Mulling things on my morning ramble with Storm, the family's mixed Lab.
A pair of gray squirrels frolicked in the road behind the baseball backstop at the park on the edge of town.
And that is the right verb: Frolicked. Or at least it looked like that is what they were doing in the light snow this morning.
The scurried off when the meathead and I approached.
The snow fell heavy enough that it frosted Storm's back fur with an avant-garde look.
I didn't hear any Canada geese this morning from the lake to the west. I suspect the hole finally froze over. Yesterday when I passed the lake, it looked like it was nearly closed.
But at least this morning was mild enough, near 20 degrees, despite the snow that we stretched out an extended ramble. Part of it was I just enjoy walking in snow. Think of it as frolicking for a guy my age.
Plus I needed to blow out both my head and my body after two intensive days with attending outdoors shows.
The homemade ice shanty will still in the same spot, so Storm and I scrambled down the bank, walked over to it. We must have close to 5 inches of ice, maybe more.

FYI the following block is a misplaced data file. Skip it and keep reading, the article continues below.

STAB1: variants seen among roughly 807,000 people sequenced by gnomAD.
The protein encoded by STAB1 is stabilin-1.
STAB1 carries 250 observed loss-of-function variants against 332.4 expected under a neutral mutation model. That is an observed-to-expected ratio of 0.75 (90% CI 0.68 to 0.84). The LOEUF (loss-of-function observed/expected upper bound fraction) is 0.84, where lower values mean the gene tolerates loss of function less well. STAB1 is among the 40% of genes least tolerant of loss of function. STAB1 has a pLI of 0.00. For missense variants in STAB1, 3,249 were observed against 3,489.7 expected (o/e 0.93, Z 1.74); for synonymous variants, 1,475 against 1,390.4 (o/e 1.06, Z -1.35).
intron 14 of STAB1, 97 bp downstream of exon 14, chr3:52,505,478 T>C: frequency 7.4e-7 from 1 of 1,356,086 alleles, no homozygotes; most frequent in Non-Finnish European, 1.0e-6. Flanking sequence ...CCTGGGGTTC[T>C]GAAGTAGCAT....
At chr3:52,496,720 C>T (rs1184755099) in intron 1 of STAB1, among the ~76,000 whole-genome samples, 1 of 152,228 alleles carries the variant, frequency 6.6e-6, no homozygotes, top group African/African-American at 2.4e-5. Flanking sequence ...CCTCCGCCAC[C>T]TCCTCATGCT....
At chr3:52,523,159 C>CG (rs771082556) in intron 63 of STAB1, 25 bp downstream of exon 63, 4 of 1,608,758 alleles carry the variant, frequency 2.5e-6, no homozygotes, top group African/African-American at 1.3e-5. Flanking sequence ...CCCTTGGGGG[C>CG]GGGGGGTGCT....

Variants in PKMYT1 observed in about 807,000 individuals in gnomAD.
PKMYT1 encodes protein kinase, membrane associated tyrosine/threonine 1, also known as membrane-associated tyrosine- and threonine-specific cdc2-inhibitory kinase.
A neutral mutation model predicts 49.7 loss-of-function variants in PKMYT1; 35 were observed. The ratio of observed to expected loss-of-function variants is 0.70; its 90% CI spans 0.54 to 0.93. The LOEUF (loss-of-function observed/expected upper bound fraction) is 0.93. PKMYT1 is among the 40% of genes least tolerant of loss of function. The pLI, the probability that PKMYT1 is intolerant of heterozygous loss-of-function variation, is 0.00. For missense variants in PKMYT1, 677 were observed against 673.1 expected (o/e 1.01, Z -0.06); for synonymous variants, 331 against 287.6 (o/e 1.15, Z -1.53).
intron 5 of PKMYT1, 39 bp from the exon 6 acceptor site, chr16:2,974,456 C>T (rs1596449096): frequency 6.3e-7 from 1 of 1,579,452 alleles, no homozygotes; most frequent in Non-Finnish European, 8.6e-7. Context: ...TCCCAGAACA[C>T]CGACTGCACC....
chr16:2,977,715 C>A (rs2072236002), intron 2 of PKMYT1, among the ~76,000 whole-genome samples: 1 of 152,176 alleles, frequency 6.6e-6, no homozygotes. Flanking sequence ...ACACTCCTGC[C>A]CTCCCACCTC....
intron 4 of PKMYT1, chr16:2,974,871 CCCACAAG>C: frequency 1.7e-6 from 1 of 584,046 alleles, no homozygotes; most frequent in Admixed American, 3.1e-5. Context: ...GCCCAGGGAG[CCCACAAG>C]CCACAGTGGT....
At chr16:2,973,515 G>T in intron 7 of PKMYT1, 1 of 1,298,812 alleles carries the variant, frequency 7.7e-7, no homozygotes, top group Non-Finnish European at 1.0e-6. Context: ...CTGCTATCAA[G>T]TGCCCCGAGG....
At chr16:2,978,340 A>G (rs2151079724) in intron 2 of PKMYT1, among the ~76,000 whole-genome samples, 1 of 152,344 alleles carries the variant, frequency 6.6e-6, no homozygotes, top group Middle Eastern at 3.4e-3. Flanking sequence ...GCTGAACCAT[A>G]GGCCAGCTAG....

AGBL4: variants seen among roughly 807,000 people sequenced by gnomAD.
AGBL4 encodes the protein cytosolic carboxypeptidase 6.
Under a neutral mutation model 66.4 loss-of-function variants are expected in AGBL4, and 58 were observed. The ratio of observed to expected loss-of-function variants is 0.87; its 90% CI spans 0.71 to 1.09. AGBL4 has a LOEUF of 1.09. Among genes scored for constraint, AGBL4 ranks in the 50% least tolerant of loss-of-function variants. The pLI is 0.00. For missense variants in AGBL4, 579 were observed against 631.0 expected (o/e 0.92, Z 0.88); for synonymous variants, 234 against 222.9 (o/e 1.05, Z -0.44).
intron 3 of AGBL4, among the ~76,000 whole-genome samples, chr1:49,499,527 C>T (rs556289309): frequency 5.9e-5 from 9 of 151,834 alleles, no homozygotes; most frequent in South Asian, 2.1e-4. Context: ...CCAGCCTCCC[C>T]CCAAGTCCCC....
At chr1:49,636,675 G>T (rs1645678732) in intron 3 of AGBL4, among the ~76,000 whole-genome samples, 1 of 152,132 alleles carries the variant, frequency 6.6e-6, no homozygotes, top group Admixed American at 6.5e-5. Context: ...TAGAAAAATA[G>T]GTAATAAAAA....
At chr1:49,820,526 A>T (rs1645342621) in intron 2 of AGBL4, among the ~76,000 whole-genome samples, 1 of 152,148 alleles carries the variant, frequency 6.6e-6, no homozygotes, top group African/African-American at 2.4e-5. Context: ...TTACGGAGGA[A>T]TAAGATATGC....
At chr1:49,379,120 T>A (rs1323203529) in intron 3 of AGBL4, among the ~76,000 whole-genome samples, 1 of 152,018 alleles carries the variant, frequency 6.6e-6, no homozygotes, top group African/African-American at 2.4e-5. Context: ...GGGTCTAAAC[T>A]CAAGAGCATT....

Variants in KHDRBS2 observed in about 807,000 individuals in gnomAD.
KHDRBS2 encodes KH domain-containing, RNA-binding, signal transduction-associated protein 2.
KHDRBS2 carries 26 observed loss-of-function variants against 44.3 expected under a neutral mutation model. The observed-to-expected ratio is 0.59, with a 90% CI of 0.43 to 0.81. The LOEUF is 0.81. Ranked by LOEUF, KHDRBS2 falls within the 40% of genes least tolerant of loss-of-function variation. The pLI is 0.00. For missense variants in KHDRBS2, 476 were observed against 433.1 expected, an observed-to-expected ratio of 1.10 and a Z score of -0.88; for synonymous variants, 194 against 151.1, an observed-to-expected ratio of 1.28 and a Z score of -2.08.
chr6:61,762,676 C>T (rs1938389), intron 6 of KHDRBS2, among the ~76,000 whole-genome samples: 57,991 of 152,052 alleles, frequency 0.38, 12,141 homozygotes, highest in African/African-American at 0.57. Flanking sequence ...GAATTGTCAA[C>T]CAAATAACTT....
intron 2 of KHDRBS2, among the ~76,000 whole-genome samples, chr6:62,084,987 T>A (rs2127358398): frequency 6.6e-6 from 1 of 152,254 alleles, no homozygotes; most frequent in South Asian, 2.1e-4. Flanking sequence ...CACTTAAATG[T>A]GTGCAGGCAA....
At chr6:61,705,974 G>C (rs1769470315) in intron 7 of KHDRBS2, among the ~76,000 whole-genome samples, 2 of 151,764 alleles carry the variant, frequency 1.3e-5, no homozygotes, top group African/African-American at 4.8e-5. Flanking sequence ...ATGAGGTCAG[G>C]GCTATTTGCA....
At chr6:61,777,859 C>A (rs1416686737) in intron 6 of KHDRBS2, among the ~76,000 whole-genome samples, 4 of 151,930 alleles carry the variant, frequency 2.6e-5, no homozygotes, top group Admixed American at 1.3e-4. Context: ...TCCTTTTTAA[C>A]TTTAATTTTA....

From a distance, it looked homemade. Up close, it even looked more homemade, but kind of cool with metal hinges latching plywood to a 2x4 wooden frame with a heavy blue tarp finishing it.
Inside, the ice fishermen had drilled three holes. They were old and frozen solid shut again.
After a quick look, we ambled across the ice by the island, a nice change of pace to walk on water, and climbed out the other side.
On the trail, made from an old rail bed, above the south end of the south old clay pit, a lone dove fluttered around on low limbs and the brush.
Just the one.
By the time we were back in town, the snow had slowed to a few flakes. But enough had fallen in half an hour to nearly cover our outgoing tracks.
On a flat calm morning with a light idyllic snow falling, three more gray squirrels flitted about the alley near home.
That kind of morning: Squirrelly and idyllic both.